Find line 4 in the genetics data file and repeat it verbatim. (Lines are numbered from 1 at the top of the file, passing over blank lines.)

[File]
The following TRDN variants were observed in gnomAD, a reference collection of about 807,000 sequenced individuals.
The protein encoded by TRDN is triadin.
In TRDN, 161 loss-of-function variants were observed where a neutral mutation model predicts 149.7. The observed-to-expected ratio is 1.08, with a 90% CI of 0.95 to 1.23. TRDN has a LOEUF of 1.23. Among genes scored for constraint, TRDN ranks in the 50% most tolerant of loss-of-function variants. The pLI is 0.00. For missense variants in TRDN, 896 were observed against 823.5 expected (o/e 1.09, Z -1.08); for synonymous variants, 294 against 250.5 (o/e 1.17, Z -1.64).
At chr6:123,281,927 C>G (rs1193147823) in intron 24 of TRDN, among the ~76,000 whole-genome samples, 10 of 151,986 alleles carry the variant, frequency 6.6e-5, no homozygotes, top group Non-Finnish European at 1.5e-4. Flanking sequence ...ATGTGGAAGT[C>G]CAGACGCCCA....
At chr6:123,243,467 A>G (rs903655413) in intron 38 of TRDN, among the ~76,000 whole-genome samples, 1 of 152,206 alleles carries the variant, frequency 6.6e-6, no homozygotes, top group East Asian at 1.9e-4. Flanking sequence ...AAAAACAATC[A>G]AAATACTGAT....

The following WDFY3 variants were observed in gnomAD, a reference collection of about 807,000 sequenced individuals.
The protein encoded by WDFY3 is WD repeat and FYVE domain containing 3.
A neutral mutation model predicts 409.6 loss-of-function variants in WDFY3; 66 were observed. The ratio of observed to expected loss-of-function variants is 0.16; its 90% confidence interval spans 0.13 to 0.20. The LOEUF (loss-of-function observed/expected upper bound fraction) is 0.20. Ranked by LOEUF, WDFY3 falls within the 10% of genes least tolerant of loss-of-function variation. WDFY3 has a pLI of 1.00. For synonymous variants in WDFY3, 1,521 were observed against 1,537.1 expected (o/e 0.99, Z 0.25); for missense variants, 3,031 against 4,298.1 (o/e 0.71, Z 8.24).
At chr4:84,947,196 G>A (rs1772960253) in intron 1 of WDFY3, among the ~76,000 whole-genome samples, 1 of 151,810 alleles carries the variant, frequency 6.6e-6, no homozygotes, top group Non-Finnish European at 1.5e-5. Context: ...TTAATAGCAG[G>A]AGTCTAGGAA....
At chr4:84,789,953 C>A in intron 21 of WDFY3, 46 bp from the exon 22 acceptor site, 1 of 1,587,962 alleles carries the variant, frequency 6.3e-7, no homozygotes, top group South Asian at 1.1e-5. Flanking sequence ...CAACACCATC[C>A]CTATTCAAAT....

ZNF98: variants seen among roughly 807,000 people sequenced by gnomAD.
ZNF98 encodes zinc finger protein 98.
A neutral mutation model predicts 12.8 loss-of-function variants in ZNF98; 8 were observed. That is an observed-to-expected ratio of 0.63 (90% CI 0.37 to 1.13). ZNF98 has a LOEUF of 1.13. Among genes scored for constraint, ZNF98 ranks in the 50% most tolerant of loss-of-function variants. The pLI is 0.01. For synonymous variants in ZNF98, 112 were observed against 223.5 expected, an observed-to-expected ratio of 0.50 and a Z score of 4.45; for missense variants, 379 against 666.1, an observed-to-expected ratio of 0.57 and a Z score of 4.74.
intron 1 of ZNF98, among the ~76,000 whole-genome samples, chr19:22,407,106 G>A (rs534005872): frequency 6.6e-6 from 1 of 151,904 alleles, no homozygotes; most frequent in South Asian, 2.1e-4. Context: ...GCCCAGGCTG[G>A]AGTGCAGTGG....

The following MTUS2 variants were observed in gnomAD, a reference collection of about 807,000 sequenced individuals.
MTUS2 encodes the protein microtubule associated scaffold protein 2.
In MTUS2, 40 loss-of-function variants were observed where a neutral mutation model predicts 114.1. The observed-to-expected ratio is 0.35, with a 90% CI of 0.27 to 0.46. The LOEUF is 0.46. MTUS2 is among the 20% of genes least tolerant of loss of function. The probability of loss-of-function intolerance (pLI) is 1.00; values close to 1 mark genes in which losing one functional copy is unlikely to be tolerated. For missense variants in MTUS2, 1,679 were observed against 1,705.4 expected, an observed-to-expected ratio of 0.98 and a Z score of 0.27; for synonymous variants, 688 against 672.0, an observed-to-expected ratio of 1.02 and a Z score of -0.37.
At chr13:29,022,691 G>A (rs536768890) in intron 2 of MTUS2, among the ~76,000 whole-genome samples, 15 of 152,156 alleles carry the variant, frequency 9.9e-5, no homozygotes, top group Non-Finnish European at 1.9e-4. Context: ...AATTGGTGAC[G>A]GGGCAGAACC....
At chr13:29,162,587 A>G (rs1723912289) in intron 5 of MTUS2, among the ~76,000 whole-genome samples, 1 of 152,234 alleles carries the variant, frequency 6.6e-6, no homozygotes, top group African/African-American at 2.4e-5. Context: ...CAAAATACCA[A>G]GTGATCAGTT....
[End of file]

At chr6:123,281,927 C>G (rs1193147823) in intron 24 of TRDN, among the ~76,000 whole-genome samples, 10 of 151,986 alleles carry the variant, frequency 6.6e-5, no homozygotes, top group Non-Finnish European at 1.5e-4. Flanking sequence ...ATGTGGAAGT[C>G]CAGACGCCCA....